Tim Butts, president of the St. Petersburg Bicycle Club, sent out an email regarding a recent rash of bike crashes. It was a call for safety -- and taking a vigilant attitude about being safe out there is welcomed. Here is Tim's message:
There have been many accidents over the last two weeks, both in the SPBC rides and outside the club rides.
1) On Saturday, October 24, a motorist side-swiped a single rider in front of the Vinoy Golf Course Club House;
2) That same morning, two riders in the 22 S ride were seriously injured while the group was turning into Coquina Key;
3) On Thursday, October 29, as the USF ride was returning from Ft. Desoto, a motorist “left hooked” them at the entrance to Eckerd College, injuring two cyclists;
4) On Saturday, October 31, on the straight portion of 4th Street south of 45th Avenue a single rider went down in the 24 S ride after a disruption in the flow of the group; and
5) That same morning, a very experienced cyclist went down in the USF ride at Ft. Desoto after touching wheels with another cyclist.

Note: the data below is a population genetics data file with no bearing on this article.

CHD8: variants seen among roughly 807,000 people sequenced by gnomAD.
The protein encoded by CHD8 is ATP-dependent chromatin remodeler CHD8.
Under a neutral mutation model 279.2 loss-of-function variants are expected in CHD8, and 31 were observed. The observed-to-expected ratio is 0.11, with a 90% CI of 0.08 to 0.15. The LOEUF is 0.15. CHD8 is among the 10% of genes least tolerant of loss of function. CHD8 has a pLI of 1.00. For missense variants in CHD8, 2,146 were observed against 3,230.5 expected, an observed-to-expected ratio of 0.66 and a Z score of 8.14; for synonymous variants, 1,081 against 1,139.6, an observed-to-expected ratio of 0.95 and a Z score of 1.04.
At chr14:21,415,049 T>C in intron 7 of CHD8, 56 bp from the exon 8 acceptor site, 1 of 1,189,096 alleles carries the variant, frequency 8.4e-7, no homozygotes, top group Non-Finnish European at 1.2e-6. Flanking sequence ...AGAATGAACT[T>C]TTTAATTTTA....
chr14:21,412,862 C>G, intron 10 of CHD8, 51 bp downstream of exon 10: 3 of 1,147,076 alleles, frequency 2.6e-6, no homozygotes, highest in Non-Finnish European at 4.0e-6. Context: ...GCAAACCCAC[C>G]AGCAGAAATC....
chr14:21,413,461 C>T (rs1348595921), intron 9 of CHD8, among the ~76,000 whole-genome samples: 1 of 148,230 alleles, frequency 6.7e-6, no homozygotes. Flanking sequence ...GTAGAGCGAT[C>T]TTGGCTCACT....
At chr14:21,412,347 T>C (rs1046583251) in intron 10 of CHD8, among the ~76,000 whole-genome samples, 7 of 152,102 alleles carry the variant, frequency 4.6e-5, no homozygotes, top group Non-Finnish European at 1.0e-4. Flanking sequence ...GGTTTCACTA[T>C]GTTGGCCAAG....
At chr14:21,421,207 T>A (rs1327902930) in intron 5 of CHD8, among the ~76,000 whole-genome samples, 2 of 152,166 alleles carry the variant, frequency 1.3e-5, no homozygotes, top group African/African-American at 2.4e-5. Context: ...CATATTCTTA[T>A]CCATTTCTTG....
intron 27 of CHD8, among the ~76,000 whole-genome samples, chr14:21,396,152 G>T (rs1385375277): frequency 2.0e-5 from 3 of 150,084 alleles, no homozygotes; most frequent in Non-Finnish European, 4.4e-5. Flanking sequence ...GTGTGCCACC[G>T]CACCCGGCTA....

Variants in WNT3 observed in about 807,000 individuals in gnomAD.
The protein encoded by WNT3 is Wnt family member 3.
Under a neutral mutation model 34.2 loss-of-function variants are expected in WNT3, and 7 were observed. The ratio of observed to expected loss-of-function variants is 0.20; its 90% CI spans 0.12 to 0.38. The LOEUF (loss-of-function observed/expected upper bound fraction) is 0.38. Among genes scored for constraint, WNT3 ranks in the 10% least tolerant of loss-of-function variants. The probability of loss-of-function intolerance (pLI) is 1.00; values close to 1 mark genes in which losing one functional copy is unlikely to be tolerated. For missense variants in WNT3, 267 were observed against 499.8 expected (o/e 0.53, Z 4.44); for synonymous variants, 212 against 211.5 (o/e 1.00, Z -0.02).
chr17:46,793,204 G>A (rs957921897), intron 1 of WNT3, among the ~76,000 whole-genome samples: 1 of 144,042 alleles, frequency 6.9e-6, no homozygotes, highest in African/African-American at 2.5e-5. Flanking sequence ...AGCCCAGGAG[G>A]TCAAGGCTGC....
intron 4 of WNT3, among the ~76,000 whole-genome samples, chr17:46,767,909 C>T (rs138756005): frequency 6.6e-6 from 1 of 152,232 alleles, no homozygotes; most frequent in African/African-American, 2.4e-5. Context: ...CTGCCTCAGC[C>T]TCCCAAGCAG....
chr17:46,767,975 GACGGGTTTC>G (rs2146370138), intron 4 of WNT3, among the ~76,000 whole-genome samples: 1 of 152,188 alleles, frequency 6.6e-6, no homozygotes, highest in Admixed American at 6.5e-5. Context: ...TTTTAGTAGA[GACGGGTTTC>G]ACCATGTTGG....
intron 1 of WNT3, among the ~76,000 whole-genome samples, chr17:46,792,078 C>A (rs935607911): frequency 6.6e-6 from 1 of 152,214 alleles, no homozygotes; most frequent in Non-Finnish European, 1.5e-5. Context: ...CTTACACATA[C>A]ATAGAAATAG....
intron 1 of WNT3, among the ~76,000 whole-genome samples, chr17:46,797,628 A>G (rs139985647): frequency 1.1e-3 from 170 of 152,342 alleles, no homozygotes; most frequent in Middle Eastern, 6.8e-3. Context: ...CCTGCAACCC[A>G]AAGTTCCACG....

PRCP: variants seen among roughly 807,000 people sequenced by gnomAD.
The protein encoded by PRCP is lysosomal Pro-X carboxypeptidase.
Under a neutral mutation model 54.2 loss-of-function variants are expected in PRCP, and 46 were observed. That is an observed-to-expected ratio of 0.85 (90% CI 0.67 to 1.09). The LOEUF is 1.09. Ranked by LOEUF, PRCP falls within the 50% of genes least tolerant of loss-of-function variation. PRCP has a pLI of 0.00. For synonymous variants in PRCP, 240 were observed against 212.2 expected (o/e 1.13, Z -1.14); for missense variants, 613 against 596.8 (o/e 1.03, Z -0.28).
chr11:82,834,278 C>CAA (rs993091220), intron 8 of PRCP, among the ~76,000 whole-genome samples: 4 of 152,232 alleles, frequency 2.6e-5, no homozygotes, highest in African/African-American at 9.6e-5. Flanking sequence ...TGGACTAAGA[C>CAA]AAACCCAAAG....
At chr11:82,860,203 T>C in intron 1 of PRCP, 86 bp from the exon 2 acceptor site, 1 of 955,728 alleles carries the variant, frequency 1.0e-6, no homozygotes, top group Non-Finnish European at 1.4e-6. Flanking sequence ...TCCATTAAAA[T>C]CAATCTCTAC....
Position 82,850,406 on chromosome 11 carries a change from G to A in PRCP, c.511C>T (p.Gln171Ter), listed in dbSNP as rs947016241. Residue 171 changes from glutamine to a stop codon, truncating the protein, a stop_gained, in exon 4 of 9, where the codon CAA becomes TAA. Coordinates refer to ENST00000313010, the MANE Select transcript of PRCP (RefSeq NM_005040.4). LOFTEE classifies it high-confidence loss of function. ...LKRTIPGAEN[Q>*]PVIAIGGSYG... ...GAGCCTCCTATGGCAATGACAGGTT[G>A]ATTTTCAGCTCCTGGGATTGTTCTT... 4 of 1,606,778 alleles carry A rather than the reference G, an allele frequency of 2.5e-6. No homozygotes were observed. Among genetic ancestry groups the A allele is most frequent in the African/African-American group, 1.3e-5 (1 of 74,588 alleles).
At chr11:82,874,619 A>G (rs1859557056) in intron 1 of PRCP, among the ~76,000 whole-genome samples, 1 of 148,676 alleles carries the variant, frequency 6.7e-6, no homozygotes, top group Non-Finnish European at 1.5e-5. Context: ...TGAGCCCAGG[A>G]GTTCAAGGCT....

These accidents where all different from each other. They involved group rides, single riders, automobiles, and experienced riders. It is not clear to me that inexperienced or careless riders were involved, although they may have been, or that the size of the group played a critical role.
Accidents happen; even the pros have accidents frequently. That being said we cannot just throw-up our hands (figuratively) and carry our health insurance cards. We – everyone who rides a bicycle with the Club – need to be as safe as possible.
Safety begins with Information, knowing and following group riding guidelines and obeying traffic laws. Second, be alert and pay attention at all times, and ride in a predictable manner. I have attached Group Riding Guidelines and a review of Florida Bicycling laws. Please review these. If you have been riding since birth or just started last week I want you to read and understand those documents before next Saturday’s Club ride.
The SPBC will continue to explore ways to make the rides as safe as possible, but, honestly, our attempts so far I have not been fully supported by the membership. Although there was much discussion and verbal support about the “Ride Captain” program, the number of people who volunteered to actually wear a green armband was vanishingly small. Similarly, the ride announcer’s efforts to reduce the group sizes have met with similar success.
Safety is up to all of us, but especially you.